As the raging bull market died and turned into a major bear market, investors were spooked. The peak of the selling waves took the Dow Jones industrials down almost 40% and the S&P 500 down 35% from their highs. While stocks have come roaring back, there is still an economic recession, millions of people have become unemployed, businesses are strapped for cash and raising liquidity, and many companies are slashing or suspending their dividend payments to their shareholders to conserve cash.
It turns out that, even in the toughest times, some companies still manage to generate dividend growth and prove that they have safe dividends. Raising dividends during a recession is always an impressive way to show confidence in long-term earnings. Moreover, if a company has seen annual dividend increases for 30 years, it has managed to navigate through four recessions now, implying that the company has a strong balance sheet and strong free cash flow.
One fear from the instant recession that came up in February through March was that even the safest dividends were suddenly considered at risk. Investors in the safest of the stable and defensive stocks were hearing earnings warnings and withdrawn guidance for 2020. The market was spooked into thinking that the payout ratios in top utilities, telecom giants and consumer products companies were suddenly in a climate in which their earnings and dividends might be at risk and not as safe as they were thought to be.
Many companies already have announced that they would lower or suspend their dividend payments because of the sudden recession. Many more companies also will have to lower or suspend those payments in the coming weeks. More companies have lowered, suspended or canceled their dividends so far in 2020 than in the past 10 years combined.
It appears with the stock market recovery that the major pandemic scare under the COVID-19 recession appears to have gone too far when it comes to the highest quality companies. Again, some companies still are managing to raise their dividends. Investors need to keep in mind that dividend-paying stocks may see half of their total returns over time come from quality dividend hikes.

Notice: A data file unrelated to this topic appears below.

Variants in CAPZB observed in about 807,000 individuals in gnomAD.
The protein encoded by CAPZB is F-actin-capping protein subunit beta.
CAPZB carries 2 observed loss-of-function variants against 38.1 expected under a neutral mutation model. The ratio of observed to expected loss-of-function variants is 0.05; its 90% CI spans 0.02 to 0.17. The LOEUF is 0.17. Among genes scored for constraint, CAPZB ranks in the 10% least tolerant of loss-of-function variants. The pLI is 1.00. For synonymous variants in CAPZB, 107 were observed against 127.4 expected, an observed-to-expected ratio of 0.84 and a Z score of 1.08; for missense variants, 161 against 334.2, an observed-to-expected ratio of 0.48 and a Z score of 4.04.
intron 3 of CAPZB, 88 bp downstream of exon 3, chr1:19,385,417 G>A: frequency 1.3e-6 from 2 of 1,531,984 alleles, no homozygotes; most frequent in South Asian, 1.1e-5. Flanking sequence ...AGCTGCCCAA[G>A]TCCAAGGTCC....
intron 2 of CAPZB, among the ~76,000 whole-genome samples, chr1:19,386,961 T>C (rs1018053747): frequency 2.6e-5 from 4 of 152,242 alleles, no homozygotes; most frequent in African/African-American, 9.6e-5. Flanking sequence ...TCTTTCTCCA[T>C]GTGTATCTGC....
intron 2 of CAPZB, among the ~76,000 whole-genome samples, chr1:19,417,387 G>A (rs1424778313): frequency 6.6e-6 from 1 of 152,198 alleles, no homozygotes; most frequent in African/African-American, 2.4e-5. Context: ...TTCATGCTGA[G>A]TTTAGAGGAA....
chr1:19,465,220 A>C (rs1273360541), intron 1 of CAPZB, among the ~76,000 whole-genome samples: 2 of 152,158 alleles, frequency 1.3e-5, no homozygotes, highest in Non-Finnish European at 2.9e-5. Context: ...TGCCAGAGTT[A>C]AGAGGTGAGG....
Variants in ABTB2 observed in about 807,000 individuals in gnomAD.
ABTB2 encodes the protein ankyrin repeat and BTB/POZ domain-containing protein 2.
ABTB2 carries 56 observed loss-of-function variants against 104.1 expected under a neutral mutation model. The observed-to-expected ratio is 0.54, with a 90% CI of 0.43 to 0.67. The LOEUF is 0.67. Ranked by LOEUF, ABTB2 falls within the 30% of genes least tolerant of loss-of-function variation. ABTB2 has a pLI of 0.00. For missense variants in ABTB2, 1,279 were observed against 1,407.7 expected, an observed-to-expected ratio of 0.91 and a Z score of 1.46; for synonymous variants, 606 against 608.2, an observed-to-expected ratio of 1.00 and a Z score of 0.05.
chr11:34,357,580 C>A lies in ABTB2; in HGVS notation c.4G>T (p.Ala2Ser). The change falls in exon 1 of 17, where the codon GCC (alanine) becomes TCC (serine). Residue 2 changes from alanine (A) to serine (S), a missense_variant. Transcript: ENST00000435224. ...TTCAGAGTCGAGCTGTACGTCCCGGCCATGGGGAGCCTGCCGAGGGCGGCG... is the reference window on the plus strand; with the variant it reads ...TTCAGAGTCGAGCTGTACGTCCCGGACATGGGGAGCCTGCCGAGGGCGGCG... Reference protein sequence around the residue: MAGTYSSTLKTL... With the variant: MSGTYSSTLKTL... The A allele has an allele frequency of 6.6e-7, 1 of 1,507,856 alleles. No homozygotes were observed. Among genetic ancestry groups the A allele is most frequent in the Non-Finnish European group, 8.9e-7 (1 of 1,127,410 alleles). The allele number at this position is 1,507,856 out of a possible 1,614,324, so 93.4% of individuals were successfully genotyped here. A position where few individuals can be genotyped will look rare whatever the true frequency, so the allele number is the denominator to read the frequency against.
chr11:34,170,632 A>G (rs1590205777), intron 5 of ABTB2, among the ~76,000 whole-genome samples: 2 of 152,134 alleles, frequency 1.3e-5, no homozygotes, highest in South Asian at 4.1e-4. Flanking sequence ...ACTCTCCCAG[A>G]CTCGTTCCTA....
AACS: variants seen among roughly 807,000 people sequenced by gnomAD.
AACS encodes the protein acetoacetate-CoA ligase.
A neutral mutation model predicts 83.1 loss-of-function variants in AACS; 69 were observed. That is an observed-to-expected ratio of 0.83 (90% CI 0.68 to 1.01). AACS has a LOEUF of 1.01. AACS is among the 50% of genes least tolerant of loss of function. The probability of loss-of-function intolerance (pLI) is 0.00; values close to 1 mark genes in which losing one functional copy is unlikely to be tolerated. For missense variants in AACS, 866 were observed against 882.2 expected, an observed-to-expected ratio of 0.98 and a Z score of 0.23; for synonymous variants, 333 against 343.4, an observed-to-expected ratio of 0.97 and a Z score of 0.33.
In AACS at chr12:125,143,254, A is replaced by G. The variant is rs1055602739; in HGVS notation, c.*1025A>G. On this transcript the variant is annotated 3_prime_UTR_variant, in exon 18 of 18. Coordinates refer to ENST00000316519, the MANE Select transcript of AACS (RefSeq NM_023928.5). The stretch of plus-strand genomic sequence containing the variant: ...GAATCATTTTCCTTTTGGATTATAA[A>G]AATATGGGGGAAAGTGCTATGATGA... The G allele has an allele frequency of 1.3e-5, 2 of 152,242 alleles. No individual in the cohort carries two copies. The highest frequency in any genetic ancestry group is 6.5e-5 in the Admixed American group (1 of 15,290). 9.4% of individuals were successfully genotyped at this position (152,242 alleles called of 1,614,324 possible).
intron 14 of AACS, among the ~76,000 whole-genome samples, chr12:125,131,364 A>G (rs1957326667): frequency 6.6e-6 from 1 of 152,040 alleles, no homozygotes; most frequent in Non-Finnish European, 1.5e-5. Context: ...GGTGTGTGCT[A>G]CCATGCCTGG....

The S&P 500 Dividend Aristocrats is a list of companies that have managed to raise their dividends for 25 consecutive years or more. While not all companies raising dividends are counted as “aristocrats,” it is impressive for a company to be able to raise its payouts when unemployment is rising, consumer spending is shifting downward and away from traditional retail, and when much lower business spending and hiring have all culminated into an instant recession.
24/7 Wall St. has tracked 15 companies that have announced dividend hikes in April. While the stock market peak was in February, many companies and individuals were not forced into operating as though they were in a deep recession until after the first or second week of March. Any company raising its dividend after that time already had full understanding that unemployment might reach 20% and that gross domestic product would face a major contraction.
Proof That Life Does Require Water
American Water Works Co. Inc. (NYSE: AWK) announced a 10% payout hike on April 29 to $0.55 per common share. Its stock was weak a month ago on concerns that nonpaying customers would not be cut off as the recession fears grew. Almost all utilities have seen big recoveries in their stock prices, and the top water utility has recovered as well.
American Water Works now has more than a 1.7% dividend yield for new investors, based on its current share price. It has committed to higher dividends and higher earnings, along with a targeted payout ratio of 50% to 60% of net income.
IBM’s 5.2% Yield for Big Blue Shareholders
International Business Machines Corp. (NYSE: IBM) announced a dividend hike of one cent per share on April 28, 2020. While that may sound like an unimpressive hike, the yield is close to 5.2%, and this marked the 25th straight year that IBM has hiked its dividend and marked more than 100 years of continuous dividend payments.